All the companies are looking for students who have taken some initiatives on their own while they are in college because, in the four years of B.Tech, they get time to learn about everything, and then, once it opens up their minds to the kinds of things that they can do. We have to realize, and people have to become slightly confident about their abilities in colleges, that they can do things that are relevant in the industry. But for that, they have to go into the industry and study about these things.
Also, the future scope in power electronics is very good. There is a high demand for talented engineers. Furthermore, the salaries of senior power electronics engineers are at par with that of senior IT engineers, albeit having a lower starting salary.
Q. How do you think that R&D in India can evolve? Do we have such a culture in India? Is the government doing something about that?
In one incident where I was in a seminar along with Mr. Anand Mahindra and some prominent industry and country leaders, a Navy officer raised his hand and asked, “Why are you not making indigenous products for India when you have so much money? You should be doing a lot more”. Mr. Mahindra responded, “What you're saying is not wrong. We have money, but we don't have that kind of money to risk. We have it to invest into the business, but we cannot risk so much capital by building some things when the market is not there”. The key takeaway is that money exists for the research, but there is no risk capital for research.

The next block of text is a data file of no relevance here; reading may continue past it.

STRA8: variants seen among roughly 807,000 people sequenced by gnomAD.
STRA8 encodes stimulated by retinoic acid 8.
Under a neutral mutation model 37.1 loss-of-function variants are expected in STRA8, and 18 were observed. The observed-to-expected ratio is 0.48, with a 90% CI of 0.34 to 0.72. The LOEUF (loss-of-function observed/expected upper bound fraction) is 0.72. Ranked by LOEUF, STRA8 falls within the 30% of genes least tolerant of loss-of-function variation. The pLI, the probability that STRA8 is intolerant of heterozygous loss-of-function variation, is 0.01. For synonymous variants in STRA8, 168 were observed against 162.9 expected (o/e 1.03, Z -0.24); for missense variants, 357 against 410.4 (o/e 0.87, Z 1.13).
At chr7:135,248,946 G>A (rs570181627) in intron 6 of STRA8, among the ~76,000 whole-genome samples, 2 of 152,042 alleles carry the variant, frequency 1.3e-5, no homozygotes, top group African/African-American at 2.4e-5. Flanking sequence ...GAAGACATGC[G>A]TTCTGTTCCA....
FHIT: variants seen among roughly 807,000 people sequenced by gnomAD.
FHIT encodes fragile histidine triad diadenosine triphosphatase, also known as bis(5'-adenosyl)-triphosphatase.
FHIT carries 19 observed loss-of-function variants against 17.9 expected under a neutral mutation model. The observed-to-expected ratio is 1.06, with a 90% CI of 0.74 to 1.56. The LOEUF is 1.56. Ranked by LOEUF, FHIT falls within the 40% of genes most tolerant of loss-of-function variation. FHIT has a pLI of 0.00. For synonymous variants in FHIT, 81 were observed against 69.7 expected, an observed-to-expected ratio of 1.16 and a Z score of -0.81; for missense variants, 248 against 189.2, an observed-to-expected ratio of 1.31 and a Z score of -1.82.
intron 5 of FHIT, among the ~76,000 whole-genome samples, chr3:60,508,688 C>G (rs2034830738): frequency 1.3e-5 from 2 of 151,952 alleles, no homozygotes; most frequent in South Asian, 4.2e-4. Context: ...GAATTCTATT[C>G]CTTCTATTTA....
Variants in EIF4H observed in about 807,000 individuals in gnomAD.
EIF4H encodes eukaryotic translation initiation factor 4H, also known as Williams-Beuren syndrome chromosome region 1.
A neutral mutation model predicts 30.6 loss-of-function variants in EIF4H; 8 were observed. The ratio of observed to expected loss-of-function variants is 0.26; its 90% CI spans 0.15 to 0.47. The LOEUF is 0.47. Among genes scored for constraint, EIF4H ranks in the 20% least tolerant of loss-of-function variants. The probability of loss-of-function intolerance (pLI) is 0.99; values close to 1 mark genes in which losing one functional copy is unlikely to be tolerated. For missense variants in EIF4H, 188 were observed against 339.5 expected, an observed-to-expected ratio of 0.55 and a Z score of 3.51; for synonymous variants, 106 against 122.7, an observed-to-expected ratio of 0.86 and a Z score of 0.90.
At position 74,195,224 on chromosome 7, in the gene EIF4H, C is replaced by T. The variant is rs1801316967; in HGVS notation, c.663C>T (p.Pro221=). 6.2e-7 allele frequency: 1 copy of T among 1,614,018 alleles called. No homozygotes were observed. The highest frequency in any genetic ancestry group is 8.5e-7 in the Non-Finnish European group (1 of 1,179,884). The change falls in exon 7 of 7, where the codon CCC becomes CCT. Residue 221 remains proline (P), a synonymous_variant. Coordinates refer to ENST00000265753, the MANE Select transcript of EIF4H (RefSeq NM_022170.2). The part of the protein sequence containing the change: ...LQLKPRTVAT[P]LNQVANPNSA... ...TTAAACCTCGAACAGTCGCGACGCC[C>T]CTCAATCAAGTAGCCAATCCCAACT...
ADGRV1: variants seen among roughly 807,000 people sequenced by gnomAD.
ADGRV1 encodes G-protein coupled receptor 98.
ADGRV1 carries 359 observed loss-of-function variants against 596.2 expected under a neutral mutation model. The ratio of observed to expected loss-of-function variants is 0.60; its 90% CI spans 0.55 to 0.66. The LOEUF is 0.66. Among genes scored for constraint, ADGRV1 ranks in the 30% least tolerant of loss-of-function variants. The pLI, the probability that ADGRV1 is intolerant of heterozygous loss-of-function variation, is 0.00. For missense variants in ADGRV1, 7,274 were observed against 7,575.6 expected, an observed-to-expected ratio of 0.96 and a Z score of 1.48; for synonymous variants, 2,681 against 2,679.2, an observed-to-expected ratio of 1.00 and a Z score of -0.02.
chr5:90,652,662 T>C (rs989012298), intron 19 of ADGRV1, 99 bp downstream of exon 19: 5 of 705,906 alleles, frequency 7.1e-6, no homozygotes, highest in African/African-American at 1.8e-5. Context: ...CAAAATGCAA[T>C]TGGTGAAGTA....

This is a thing that has been a concern for the government too. They have come up with a lot of good things to address that as well. One such thing is TIH which is the Technology Innovation Hub that has been opened up in some eminent colleges like IIT Roorkee, and in a lot of other colleges as well. The industry and the college together submit a project and then evaluate it, and that company has to put in some amount of funds, almost around 10% of the entire budget. The rest of it is supplied by the government. We will get capital, the participating students are going to learn a lot, and the college as a whole will get a lot of knowledge/recognition because the professors will be involved too.
This kind of risk capital mitigation, when it comes to R&D projects has been initiated by the government. There is another scheme called the Technology Development Fund by DRDO. These kinds of projects bring in money from both India and European Union. Also, the colleges get the money which they can then give to the industry to develop the entire project. This is crucial when it comes to Indian companies because we are a very cost-competitive nation. We still take out such amounts for R&D, which is tough for any entrepreneur otherwise. So, this is a good initiative by the government that should be used widely by companies in India.